Isolation can be good, in tiny increments. Like a day or two here and there. I find that I have been a loner most of my life and being surrounded by folks just means that I have to entertain them all in one way or another. It’s a conundrum – I like people but they are in many ways too needy.

      Thanks for the well wishes.

      Liked by 1 person

  2. This blog could be talking about me! I live alone and I am finding myself becoming bored because my brain can’t function at the level it used to. I try to write, I try to paint, I do some adult colouring in. I have a guitar I can play, but I forgot all the music and have to learn everything from scratch again and that puts me off. I play music all day to keep me calm and peaceful. Mostly new age ambient but sometimes rock!

    I agree; I think the cure or even proper recovery treatment for mental illness is many decades away yet, if ever. Perhaps the brain is so complex we humans may never be able to fully understand and manipulate to cure all the brain disorders and injuries.

    It is good news that your anger issues have calmed down. My one episode never repeated itself; I still have a short fuse, but that leads to anxiety or distress more than anger.


    • Guess we’re floating down the stream in the same boat, Shirley. It’s cool you listen to new age ambient music. We do too. We like Steven Halperm, David Arkenstone, Liquid Mind, Dean Evenson, Kelly Howell, Kitaro, Amethystium and a bunch of others. It is very soothing. And, we found some ASMR stuff on YouTube recently that has been quite exciting: these are recordings with fireplaces mostly in different settings and let me tell you the crackling of the fire with perhaps a howling wind or a babbling brook in the background is quite satisfying. I highly recommend this sfuff. We now have about 15 dvds with this stuff on them.

      I am so happy that you don’t have the anger problem I do, but, anxiety and distress are in many ways worse because you don’t get the response from people, they just look at you funny and leave you suffering until the episode is over, which could take a while.

      Rock music? I used to love it! I still listen every now and again, but since I can’t crank it up loud like in the old days, it’s not as fun for me. I also listen to Adult Standards (Easy Listening) 70s and 80s pop, 50s and 60s pop, and even Country. I’ve been this way all my life. HEY!, maybe there’s a connection with music and Bipolar! Hahaha. We listen to too much. Ya think?! Naw, it was a thought anyway.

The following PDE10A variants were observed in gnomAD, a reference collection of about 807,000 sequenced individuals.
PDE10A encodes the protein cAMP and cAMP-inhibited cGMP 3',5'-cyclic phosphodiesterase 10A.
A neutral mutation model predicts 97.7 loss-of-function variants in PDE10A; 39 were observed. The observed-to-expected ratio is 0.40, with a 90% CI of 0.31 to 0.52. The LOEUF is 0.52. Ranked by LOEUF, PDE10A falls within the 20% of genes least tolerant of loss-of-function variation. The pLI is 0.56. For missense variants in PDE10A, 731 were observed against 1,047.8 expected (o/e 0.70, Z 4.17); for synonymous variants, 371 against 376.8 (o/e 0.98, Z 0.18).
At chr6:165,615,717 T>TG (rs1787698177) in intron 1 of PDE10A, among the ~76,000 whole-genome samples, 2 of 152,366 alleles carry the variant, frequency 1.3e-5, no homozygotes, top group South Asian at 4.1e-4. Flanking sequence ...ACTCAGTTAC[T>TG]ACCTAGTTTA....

And you are a nature girl. That’s awesome! We have that in common as well. I love the mountains and the oceans and the lakes and the trees. We are fortunate to live within 15 minutes of a Wilderness Reserve/Recreation Area – whatever they call it. We don’t get out there enough anymore. Cindee doesn’t have the health she used to. So we spend a lot of time looking at pictures on the Internet of the great outdoors. Haha. You take what you can get, know what I mean?

      Hey, Shirley, if you ever want to chat, email me. Would love to share stories with you. Okay, I’ve talked your ear off. I’ll let you go and listen to your relaxing music as I do the same. Have a great day. 🙂


      • Liquid Mind, Kitaro, and Amethystium are in my collection too! My all time favourite is Medwyn Goodall; I have about 30 of his albums. I will look up the others you mentioned as I am always looking for fresh music to add to the collection.

        I think you might have hit on something with a possible connection between bipolar and music! Music stirs emotion and feeling and us bipolar crew feel too deeply, so we maybe feel the music at a deeper and more emotional level than those unfortunate people who do not have the illness, lol. Maybe we are able to make a more abstract connection with the music – an idea for a blog, I think!

        Thanks for your email address, I will send you an email so we can chat offline.

        Liked by 1 person